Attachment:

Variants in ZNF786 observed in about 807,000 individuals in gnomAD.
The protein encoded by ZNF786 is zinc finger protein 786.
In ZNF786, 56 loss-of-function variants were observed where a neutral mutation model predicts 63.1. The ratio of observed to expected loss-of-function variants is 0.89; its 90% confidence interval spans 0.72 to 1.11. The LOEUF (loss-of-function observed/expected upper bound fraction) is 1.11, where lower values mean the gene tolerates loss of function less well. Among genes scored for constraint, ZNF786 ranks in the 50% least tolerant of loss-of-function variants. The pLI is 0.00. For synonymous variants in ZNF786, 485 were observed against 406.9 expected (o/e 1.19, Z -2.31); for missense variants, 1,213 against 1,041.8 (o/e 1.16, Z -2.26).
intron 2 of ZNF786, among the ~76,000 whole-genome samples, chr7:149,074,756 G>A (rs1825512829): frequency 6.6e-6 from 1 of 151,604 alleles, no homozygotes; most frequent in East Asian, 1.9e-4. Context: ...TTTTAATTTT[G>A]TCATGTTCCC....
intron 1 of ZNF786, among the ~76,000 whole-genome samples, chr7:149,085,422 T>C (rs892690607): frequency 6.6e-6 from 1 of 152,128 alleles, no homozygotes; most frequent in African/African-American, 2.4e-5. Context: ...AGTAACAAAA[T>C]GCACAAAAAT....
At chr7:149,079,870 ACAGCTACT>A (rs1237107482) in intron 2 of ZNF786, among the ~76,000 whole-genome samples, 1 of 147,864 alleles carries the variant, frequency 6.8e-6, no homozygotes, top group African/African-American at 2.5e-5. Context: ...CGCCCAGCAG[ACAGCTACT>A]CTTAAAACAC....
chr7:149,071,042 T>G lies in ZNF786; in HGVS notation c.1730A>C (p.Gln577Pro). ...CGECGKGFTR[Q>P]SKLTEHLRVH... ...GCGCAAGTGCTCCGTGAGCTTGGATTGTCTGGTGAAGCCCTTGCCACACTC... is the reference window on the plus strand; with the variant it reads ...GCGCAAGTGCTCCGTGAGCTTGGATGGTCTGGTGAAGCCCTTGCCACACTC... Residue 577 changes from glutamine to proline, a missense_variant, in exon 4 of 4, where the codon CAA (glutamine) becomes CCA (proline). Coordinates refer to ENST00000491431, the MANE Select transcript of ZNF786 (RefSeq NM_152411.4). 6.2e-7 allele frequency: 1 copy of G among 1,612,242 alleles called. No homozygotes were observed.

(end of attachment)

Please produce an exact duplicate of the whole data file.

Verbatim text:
Variants in ZNF786 observed in about 807,000 individuals in gnomAD.
The protein encoded by ZNF786 is zinc finger protein 786.
In ZNF786, 56 loss-of-function variants were observed where a neutral mutation model predicts 63.1. The ratio of observed to expected loss-of-function variants is 0.89; its 90% confidence interval spans 0.72 to 1.11. The LOEUF (loss-of-function observed/expected upper bound fraction) is 1.11, where lower values mean the gene tolerates loss of function less well. Among genes scored for constraint, ZNF786 ranks in the 50% least tolerant of loss-of-function variants. The pLI is 0.00. For synonymous variants in ZNF786, 485 were observed against 406.9 expected (o/e 1.19, Z -2.31); for missense variants, 1,213 against 1,041.8 (o/e 1.16, Z -2.26).
intron 2 of ZNF786, among the ~76,000 whole-genome samples, chr7:149,074,756 G>A (rs1825512829): frequency 6.6e-6 from 1 of 151,604 alleles, no homozygotes; most frequent in East Asian, 1.9e-4. Context: ...TTTTAATTTT[G>A]TCATGTTCCC....
intron 1 of ZNF786, among the ~76,000 whole-genome samples, chr7:149,085,422 T>C (rs892690607): frequency 6.6e-6 from 1 of 152,128 alleles, no homozygotes; most frequent in African/African-American, 2.4e-5. Context: ...AGTAACAAAA[T>C]GCACAAAAAT....
At chr7:149,079,870 ACAGCTACT>A (rs1237107482) in intron 2 of ZNF786, among the ~76,000 whole-genome samples, 1 of 147,864 alleles carries the variant, frequency 6.8e-6, no homozygotes, top group African/African-American at 2.5e-5. Context: ...CGCCCAGCAG[ACAGCTACT>A]CTTAAAACAC....
chr7:149,071,042 T>G lies in ZNF786; in HGVS notation c.1730A>C (p.Gln577Pro). ...CGECGKGFTR[Q>P]SKLTEHLRVH... ...GCGCAAGTGCTCCGTGAGCTTGGATTGTCTGGTGAAGCCCTTGCCACACTC... is the reference window on the plus strand; with the variant it reads ...GCGCAAGTGCTCCGTGAGCTTGGATGGTCTGGTGAAGCCCTTGCCACACTC... Residue 577 changes from glutamine to proline, a missense_variant, in exon 4 of 4, where the codon CAA (glutamine) becomes CCA (proline). Coordinates refer to ENST00000491431, the MANE Select transcript of ZNF786 (RefSeq NM_152411.4). 6.2e-7 allele frequency: 1 copy of G among 1,612,242 alleles called. No homozygotes were observed.